• It acts as our gateway to learning and memory.
  • In theta, our senses are withdrawn from the external world and focused on signals originating from within.
  • It is that twilight state which we normally only experience fleetingly as we wake or drift off to sleep.
  • In theta we are in a dream; vivid imagery, intuition and information beyond our normal conscious awareness.
  • It’s where we hold our ‘stuff’, our fears, troubled history, and nightmares.


  • Alpha brainwaves are dominant during quietly flowing thoughts, and in some meditative states.
  • Alpha is ‘the power of now’, being here, in the present.
  • Alpha is the resting state for the brain.
  • Alpha waves aid overall mental coordination, calmness, alertness, mind/body integration and learning.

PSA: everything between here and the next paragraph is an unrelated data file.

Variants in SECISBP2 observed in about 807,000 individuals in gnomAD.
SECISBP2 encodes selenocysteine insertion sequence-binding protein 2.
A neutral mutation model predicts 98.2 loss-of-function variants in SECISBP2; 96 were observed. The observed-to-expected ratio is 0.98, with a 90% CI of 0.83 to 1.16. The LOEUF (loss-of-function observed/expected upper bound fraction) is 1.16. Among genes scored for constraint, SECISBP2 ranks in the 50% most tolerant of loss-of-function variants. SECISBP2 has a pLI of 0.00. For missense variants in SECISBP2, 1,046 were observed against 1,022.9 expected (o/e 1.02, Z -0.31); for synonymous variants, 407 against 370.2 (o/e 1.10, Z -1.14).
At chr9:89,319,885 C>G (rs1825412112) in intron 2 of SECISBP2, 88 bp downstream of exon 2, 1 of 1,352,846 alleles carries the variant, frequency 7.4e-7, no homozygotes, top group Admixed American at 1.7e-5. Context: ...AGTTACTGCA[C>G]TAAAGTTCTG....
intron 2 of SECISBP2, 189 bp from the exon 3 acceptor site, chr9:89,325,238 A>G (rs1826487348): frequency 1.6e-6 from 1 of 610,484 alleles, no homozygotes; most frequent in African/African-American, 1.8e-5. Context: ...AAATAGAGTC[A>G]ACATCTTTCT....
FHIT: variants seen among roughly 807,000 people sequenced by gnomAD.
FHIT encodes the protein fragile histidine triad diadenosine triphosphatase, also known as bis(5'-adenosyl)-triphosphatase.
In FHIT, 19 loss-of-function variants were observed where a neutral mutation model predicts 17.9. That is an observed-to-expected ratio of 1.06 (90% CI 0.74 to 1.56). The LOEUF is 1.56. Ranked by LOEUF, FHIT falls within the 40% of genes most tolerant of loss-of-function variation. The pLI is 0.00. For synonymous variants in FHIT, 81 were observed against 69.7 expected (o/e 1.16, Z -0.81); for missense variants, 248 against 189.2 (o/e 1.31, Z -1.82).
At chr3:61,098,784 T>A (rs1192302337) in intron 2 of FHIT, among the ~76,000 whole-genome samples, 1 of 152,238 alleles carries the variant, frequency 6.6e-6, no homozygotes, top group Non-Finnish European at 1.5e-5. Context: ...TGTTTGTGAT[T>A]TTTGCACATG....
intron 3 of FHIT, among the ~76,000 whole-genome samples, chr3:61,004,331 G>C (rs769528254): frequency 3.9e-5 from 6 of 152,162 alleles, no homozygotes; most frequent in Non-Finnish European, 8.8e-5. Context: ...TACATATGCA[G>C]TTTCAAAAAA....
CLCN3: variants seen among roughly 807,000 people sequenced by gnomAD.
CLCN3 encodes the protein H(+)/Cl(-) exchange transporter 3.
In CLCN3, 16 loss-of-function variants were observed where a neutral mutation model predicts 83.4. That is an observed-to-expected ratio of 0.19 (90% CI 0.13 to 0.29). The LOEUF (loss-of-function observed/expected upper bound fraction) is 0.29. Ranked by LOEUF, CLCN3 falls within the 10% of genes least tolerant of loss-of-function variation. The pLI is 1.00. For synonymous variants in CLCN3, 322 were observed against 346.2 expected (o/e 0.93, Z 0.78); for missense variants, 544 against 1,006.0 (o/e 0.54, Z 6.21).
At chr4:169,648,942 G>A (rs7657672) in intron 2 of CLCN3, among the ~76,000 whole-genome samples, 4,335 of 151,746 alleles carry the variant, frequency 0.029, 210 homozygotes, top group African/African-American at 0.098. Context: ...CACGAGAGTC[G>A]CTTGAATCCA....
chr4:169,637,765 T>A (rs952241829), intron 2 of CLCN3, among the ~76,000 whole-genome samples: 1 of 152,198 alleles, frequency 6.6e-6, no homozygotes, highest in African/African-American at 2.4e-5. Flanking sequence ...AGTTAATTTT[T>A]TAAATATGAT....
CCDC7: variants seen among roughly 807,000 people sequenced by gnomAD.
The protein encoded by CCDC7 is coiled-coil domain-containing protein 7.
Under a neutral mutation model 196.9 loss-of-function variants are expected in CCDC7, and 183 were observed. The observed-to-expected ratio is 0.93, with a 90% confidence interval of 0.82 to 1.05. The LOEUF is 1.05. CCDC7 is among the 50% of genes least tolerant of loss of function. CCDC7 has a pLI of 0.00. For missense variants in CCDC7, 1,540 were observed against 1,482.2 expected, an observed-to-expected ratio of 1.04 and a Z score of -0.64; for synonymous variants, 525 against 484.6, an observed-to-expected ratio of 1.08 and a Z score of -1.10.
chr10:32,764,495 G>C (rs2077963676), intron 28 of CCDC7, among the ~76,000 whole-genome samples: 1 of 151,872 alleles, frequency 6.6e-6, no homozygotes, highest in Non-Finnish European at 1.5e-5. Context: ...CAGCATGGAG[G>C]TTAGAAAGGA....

• Beta brainwaves dominate our normal waking state of consciousness when attention is directed towards cognitive tasks and the outside world.
  • Beta is a ‘fast’ activity, present when we are alert, attentive, engaged in problem solving, judgment, decision making, and engaged in focused mental activity.
  • Beta brainwaves are further divided into three bands; Lo-Beta (Beta1, 12-15Hz) can be thought of as a 'fast idle, or musing. Beta (Beta2, 15-22Hz) is high engagement or actively figuring something out.
  • Hi-Beta (Beta3, 22-38Hz) is highly complex thought, integrating new experiences, high anxiety, or excitement.
  • Continual high frequency processing is not a very efficient way to run the brain, as it takes a tremendous amount of energy.


  • Gamma brainwaves are the fastest of brain waves (high frequency, like a flute), and relate to simultaneous processing of information from different brain areas.
  • It passes information rapidly, and as the most subtle of the brainwave frequencies, the mind has to be quiet to access it.
  • Gamma was dismissed as 'spare brain noise' until researchers discovered it was highly active when in states of universal love, altruism, and the ‘higher virtues’.